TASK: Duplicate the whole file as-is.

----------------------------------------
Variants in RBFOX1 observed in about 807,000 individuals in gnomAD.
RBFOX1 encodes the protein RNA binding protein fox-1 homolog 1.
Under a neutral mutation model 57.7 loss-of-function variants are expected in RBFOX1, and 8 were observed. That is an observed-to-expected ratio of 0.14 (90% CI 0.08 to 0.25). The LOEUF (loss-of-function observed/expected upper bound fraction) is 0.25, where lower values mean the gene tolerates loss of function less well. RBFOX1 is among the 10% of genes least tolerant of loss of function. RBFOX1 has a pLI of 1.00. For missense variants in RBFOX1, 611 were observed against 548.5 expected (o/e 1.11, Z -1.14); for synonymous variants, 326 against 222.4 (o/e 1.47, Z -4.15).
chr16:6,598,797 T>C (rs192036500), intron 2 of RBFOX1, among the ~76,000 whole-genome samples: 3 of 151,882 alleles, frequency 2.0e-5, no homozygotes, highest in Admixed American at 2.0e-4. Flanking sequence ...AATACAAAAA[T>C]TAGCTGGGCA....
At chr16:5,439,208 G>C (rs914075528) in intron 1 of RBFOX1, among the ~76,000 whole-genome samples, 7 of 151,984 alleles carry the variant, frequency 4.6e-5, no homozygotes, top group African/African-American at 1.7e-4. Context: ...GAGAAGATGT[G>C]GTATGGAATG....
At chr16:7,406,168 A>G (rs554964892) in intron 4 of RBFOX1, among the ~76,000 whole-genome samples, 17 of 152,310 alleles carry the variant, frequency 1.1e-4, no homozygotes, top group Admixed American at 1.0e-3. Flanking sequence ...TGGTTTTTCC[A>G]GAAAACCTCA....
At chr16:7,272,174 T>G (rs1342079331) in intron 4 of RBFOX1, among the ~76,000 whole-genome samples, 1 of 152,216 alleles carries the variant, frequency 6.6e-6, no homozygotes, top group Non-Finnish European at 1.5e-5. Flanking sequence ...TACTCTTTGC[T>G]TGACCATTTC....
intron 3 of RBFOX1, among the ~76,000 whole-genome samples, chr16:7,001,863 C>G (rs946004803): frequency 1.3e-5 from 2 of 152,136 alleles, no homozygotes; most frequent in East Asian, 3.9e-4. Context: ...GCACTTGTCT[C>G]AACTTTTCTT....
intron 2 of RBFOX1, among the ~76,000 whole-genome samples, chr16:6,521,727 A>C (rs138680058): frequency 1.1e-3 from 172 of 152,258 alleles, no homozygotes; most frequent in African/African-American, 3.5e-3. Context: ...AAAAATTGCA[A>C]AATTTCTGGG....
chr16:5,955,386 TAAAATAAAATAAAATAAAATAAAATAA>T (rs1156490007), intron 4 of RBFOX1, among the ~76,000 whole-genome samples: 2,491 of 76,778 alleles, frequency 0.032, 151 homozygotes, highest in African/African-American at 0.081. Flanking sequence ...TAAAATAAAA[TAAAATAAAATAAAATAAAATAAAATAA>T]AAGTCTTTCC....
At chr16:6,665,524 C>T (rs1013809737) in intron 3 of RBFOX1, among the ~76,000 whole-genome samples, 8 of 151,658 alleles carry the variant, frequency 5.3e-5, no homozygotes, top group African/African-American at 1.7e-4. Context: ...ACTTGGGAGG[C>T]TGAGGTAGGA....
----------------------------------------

Variants in RBFOX1 observed in about 807,000 individuals in gnomAD.
RBFOX1 encodes the protein RNA binding protein fox-1 homolog 1.
Under a neutral mutation model 57.7 loss-of-function variants are expected in RBFOX1, and 8 were observed. That is an observed-to-expected ratio of 0.14 (90% CI 0.08 to 0.25). The LOEUF (loss-of-function observed/expected upper bound fraction) is 0.25, where lower values mean the gene tolerates loss of function less well. RBFOX1 is among the 10% of genes least tolerant of loss of function. RBFOX1 has a pLI of 1.00. For missense variants in RBFOX1, 611 were observed against 548.5 expected (o/e 1.11, Z -1.14); for synonymous variants, 326 against 222.4 (o/e 1.47, Z -4.15).
chr16:6,598,797 T>C (rs192036500), intron 2 of RBFOX1, among the ~76,000 whole-genome samples: 3 of 151,882 alleles, frequency 2.0e-5, no homozygotes, highest in Admixed American at 2.0e-4. Flanking sequence ...AATACAAAAA[T>C]TAGCTGGGCA....
At chr16:5,439,208 G>C (rs914075528) in intron 1 of RBFOX1, among the ~76,000 whole-genome samples, 7 of 151,984 alleles carry the variant, frequency 4.6e-5, no homozygotes, top group African/African-American at 1.7e-4. Context: ...GAGAAGATGT[G>C]GTATGGAATG....
At chr16:7,406,168 A>G (rs554964892) in intron 4 of RBFOX1, among the ~76,000 whole-genome samples, 17 of 152,310 alleles carry the variant, frequency 1.1e-4, no homozygotes, top group Admixed American at 1.0e-3. Flanking sequence ...TGGTTTTTCC[A>G]GAAAACCTCA....
At chr16:7,272,174 T>G (rs1342079331) in intron 4 of RBFOX1, among the ~76,000 whole-genome samples, 1 of 152,216 alleles carries the variant, frequency 6.6e-6, no homozygotes, top group Non-Finnish European at 1.5e-5. Flanking sequence ...TACTCTTTGC[T>G]TGACCATTTC....
intron 3 of RBFOX1, among the ~76,000 whole-genome samples, chr16:7,001,863 C>G (rs946004803): frequency 1.3e-5 from 2 of 152,136 alleles, no homozygotes; most frequent in East Asian, 3.9e-4. Context: ...GCACTTGTCT[C>G]AACTTTTCTT....
intron 2 of RBFOX1, among the ~76,000 whole-genome samples, chr16:6,521,727 A>C (rs138680058): frequency 1.1e-3 from 172 of 152,258 alleles, no homozygotes; most frequent in African/African-American, 3.5e-3. Context: ...AAAAATTGCA[A>C]AATTTCTGGG....
chr16:5,955,386 TAAAATAAAATAAAATAAAATAAAATAA>T (rs1156490007), intron 4 of RBFOX1, among the ~76,000 whole-genome samples: 2,491 of 76,778 alleles, frequency 0.032, 151 homozygotes, highest in African/African-American at 0.081. Flanking sequence ...TAAAATAAAA[TAAAATAAAATAAAATAAAATAAAATAA>T]AAGTCTTTCC....
At chr16:6,665,524 C>T (rs1013809737) in intron 3 of RBFOX1, among the ~76,000 whole-genome samples, 8 of 151,658 alleles carry the variant, frequency 5.3e-5, no homozygotes, top group African/African-American at 1.7e-4. Context: ...ACTTGGGAGG[C>T]TGAGGTAGGA....